N@NIMONO (何者, Daisuke Miura, 2016)

Nanimono posterGrowing up is a series of battles in Japan. Exam hell soon gives way to the freedom and liberation of university but students know that their carefree days of youth and discovery will be short lived. Job hunting is done en masse and takes place in the final year of study (or even before). The process of securing a work placement is much the same as deciding on which school to apply to – attending job fairs to meet with representatives, getting hold of brochures, talking to anyone and everyone you know about the various reputations of the big firms, and then figuring out what your best bets are. Many companies run written exams which are then followed by group interviews in which the applicants are made to answer humiliating questions in front of their fellow candidates. What this all amounts to is a gradual erasure of the self in order to become the perfect hire, making the same tired phrases sound interesting in an effort to say all the right things whilst trying not too seem calculating or too bland.

The group at the centre of Daisuke Miura’s adaptation of the Naoki Prize winning novel by Ryo Asai, N@NIMONO (何者, Nanimono, AKA Somebody / Someone), know this better than most. Protagonist Takuto (Takeru Satoh) used to be interested in theatre but has abandoned his dreams of the stage for the mainstream route into company life while his friend Kotaro (Masaki Suda) has played his last gig as the lead singer of a rock band, died his hair black again, and got a smart haircut in preparation for interviews. The boys are still good friends and roommates despite the fact that Takuto has long been carrying a torch for Kotaro’s former girlfriend, Mizuki (Kasumi Arimura), who has just returned from studying abroad. Mizuki is good friends with another girl, Rica (Fumi Nikaido), who happens to live upstairs from the boys and suggests that the four of them all get together to compare notes on the job hunting process. Rica lives with her boyfriend (still somewhat unusual in Japan), Takayoshi (Masaki Okada), who is working as a freelance journalist and is disdainful of the others’ passage into the regular workaday world but later tries to get into it himself.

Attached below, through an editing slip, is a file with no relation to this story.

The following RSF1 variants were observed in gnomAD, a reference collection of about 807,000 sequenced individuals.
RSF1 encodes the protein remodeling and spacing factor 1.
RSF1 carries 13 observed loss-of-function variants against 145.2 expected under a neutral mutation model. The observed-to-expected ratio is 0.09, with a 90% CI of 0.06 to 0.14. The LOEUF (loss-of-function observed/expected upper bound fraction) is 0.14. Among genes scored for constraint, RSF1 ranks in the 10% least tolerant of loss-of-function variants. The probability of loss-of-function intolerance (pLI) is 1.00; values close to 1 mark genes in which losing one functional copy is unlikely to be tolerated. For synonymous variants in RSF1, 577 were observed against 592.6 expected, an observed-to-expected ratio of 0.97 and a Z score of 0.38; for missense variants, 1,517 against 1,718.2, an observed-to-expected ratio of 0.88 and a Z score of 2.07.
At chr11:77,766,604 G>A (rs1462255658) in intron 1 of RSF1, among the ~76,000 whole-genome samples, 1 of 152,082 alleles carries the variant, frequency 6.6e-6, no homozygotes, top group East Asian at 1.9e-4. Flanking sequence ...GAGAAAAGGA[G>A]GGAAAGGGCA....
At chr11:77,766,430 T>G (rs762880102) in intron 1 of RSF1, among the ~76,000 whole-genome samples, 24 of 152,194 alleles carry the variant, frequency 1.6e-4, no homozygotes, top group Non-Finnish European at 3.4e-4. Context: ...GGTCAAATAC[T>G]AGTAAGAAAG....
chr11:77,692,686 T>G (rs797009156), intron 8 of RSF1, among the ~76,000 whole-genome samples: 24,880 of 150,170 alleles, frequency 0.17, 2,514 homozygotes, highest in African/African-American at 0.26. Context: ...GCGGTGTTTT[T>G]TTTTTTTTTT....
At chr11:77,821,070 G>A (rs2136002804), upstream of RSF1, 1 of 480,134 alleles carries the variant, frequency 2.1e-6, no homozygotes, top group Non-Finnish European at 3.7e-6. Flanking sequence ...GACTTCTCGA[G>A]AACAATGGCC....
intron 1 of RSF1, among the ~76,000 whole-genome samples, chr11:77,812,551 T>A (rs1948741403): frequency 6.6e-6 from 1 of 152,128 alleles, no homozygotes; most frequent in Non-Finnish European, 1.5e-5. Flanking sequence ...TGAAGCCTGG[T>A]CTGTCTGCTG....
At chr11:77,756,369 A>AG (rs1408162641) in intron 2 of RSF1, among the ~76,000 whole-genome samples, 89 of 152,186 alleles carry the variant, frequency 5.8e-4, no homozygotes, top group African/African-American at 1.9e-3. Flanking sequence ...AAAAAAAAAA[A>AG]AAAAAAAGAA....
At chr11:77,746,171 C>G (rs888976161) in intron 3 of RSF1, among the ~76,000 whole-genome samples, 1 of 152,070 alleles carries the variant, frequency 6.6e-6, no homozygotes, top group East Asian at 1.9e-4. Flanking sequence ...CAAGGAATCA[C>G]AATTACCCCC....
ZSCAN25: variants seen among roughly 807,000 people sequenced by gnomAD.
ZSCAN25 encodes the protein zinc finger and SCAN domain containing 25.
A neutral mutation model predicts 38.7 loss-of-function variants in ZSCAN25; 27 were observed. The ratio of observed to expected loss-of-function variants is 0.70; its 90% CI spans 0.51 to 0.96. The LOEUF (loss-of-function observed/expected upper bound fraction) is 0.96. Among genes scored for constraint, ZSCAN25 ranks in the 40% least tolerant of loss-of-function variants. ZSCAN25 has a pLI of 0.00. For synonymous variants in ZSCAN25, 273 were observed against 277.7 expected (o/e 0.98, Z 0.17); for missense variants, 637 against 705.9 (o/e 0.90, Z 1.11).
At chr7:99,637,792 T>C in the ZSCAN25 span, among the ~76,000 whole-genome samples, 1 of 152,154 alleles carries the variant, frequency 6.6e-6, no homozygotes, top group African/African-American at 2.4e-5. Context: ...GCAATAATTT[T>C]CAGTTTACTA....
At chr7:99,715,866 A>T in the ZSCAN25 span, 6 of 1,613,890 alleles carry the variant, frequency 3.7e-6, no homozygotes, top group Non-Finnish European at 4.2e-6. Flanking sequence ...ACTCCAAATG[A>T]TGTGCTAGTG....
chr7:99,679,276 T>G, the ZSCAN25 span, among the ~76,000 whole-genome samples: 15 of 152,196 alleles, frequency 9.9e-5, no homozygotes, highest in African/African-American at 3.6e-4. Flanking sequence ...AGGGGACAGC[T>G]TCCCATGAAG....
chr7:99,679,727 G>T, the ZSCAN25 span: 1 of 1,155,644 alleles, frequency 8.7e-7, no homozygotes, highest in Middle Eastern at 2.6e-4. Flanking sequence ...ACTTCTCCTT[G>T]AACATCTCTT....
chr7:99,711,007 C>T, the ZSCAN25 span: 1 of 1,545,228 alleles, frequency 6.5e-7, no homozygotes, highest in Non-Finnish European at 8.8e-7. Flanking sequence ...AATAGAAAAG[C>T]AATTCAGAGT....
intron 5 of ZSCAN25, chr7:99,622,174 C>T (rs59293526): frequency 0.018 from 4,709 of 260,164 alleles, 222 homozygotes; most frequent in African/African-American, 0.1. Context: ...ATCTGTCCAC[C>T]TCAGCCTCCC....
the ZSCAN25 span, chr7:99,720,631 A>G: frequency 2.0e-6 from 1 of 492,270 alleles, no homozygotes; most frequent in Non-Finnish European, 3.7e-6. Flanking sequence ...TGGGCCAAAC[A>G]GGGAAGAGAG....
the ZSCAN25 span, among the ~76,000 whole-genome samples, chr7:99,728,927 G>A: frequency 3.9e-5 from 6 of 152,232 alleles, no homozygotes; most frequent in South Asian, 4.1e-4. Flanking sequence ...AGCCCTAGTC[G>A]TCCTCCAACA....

There is a kind of sadness involved in this process, even if no one seriously thinks about fighting back. Everyone wants to get their foot onto that corporate ladder to become “someone”, at least in the eyes of society. There are a lot of rungs on the ladder to success, and if you miss your footing it’s near impossible to get it back – you’ll wind up one of the many crowded round the bottom staring up at the top even if you don’t want to admit it. University is the last time time there is real scope for indulging one’s personality before the corporate life takes hold – thus Takuto and Kotaro both accept that their artistic pursuits have to go in their quest for a regular middle-class life even if they inwardly struggle with their decisions to “sell-out”.

Takayoshi thinks of himself as above all this. He asks himself what all of this is for, why people put themselves through this humiliating ritual just to be locked into a nine to five that makes them miserable and turns them into soulless drones. There’s an obvious answer to that, and Takayoshi’s refusal to take it into account borders on the offensive, as does his often patronising attitude to those actively engaged in the job hunting process, but his hypocrisy is eventually brought home to him when he turns down a project to work with another artist because he thinks their work isn’t good enough. Maybe there’s courage in just putting something of yourself out there, even if it isn’t very good, rather than sitting at home looking down on everything and critiquing everyone else’s life choices whilst getting nothing done yourself.

It’s this conflict between interior and exterior life in which N@NIMONO is most interested. Main character Takuto begins as the everyman, depressed and stressed by his job hunting odyssey but aloof isolationism soon reveals itself as a kind of cowardice and self-involvement born of insecurity as he takes to a “secret” Twitter account for acerbic comments on his friends’ lives, sarcastically taking cruel potshots safe in the knowledge of his anonymity. Takuto’s entire concept of himself is a construction as his eventual descent into abstraction shows us in recasting his interaction with his friends as an avant-garde theatre show in which he finally begins to see the various ways his resentment of others is really just a way of expressing dissatisfaction with himself. This inability to fully integrate his own personality is offered as the final reason he hasn’t managed to find employment – his insincerity marks him out as a poor prospect. Takuto’s final realisation that he is unable to successfully answer the standard interview question “define your own personality in under one minute” for the perfectly sensible reason that the task is impossible kickstarts his own journey to a more complete life, even if it doesn’t do much to help the countless other “someones” out there hammered into a standard sized holes as mere cogs in the great social machine.


N@NIMONO seems to have been screened under the English titles of both “Somebody” and “Someone” but “N@NIMONO” is the one that features on the title card of the English subtitled Hong Kong blu-ray.

Original trailer (no subtitles)

The Kirishima Thing (UK-anime.net review)